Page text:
The Florentine sculptor Antonio Susini, a goldsmith by training, was Giambologna’s favourite and arguably most accomplished bronze caster. This Rape of a Sabine is a wonderful example of their long-standing and rich collaboration. The composition – which draws on an episode of Rome’s mythical foundation – was first carved in marble by Giambologna and unveiled in January 1583 in the Loggia dei Lanzi in Florence. Standing over four metres high, it became an immediate sensation. Emperor Rudolf II requested a bronze model of it, and other prominent members of the European courts soon followed. This cast is part of a small group of exquisite-quality bronzes executed by Susini, distinguished by his characteristic crisp modelling of the hair, careful articulation of the finger and toenails, incised pupils and irises, and texturing tooling of the rocklike base. Specifically, Susini’s casts of The Rape of a Sabine also present a distinctive detail, a clasp at the back of the female figure’s diadem, unique to this model.
37 c av. e m a nu ele c aroni (1826–after 1895)
L’Amour vainqueur de la Force, c.1867 (The Triumph of Love over Strength) Carrara marble 107 cm (42 in.) high 94 cm (37 in.) wide 66 cm (26 in.) deep s ig ned and date d E. CARONI F. 1867 prove nance Firmstone family, West Midlands, probably acquired at the London International Exhibition, 1871 Firmstone family, Wordsley Manor, West Midlands, 1924, and by descent e xhib ite d Exposition Universelle, Paris, 1 April–3 November 1867 International Exhibition, London, 1 May–30 September 1871 l ite r ature L’Exposition Universelle de 1867 illustrée, vol. I, Paris, 1868, p. 228; The Art Journal, ‘International Exhibition. Sculpture’, vol. X, no. 33, 1871, p. 268; B. Soster, Dei Principi tradizionali delle arti figurative, Milan, 1873, p. 255; A. de Gubernatis, Dizionario degli artisti italiani, Florence, 1885, p. 103; A. de Gubernatis, Piccolo Dizionario dei contemporanei italiani, Rome, 1895, p. 196; C. Brun, Schweizerisches Künstler-Lexikon, vol. I, Frauenfeld, 1905, pp. 273–74; U. Thieme and F. Becker, eds., Allgemeines Lexikon der bildenden Künstler, vol. VI, Leipzig, 1912, p. 30; J.F. McDermott, The Russian Journal and other selections from the works of Lewis Carroll, New York, 1935, p. 119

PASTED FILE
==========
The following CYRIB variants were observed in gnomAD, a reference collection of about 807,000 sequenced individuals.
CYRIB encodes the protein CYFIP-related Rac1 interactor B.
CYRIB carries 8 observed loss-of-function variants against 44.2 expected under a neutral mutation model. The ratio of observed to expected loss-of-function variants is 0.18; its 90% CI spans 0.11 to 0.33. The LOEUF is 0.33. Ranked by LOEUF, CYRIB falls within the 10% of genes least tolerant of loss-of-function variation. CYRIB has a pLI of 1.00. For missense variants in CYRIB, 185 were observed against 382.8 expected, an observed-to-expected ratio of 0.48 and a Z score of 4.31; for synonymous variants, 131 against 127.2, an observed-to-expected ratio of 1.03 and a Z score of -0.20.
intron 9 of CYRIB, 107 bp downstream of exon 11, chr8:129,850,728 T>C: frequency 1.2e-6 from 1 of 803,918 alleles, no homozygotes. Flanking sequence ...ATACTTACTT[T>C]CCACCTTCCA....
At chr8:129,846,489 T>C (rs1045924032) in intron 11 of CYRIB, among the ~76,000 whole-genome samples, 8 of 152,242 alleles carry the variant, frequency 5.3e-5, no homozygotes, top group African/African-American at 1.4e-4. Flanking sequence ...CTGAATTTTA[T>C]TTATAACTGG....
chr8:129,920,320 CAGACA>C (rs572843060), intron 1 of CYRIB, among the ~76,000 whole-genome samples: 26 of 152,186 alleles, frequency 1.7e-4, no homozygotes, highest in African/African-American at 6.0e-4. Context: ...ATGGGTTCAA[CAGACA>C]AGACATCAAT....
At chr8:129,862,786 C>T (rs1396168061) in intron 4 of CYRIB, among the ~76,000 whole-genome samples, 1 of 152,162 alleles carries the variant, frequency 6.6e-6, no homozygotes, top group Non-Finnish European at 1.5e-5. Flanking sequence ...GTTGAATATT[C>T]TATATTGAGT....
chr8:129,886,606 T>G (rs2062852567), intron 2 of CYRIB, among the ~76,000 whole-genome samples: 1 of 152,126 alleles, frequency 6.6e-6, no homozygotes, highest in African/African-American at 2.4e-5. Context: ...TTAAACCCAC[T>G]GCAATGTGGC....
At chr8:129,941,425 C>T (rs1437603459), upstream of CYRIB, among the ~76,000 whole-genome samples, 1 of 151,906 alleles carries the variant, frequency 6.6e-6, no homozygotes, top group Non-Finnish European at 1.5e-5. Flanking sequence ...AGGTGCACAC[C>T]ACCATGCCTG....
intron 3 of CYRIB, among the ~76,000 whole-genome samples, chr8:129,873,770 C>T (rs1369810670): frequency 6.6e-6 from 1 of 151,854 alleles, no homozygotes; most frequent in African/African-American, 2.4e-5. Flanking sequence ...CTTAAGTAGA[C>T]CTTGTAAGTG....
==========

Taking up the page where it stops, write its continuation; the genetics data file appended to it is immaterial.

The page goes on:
Private collection, Turkey
Emanuele Caroni studied at Milan’s Accademia di Brera, then in Florence under Lorenzo Bartolini, one of the most influential sculptors of the post-Canovan era. In 1875 he was made Fellow of the Accademia delle Arti del Disegno in Florence, the city where he established his workshop. Highly successful, he showed at exhibitions in Italy and abroad, including the first Italian National Exhibition in Florence in 1861, the year of the country’s unification, and the 1867 Paris, 1871 London and 1876 Philadelphia international exhibitions. Caroni’s submissions to these are representative of his work as a sculptor, which centred on large-scale allegorical, historical or literary themes, carved in the finest white marble. He subjected Neoclassical idealism to a heightened observation of reality, a quality also reflected in his treatment of surfaces. In L’Amour vainqueur de la Force, a portrayal of Cupid triumphing over a tamed lion, textural details such as the lion’s mane and the pattern on Cupid’s lyre are rendered with the utmost care, yet without losing the composition’s overall sense of emotion and movement. 82
38 , c.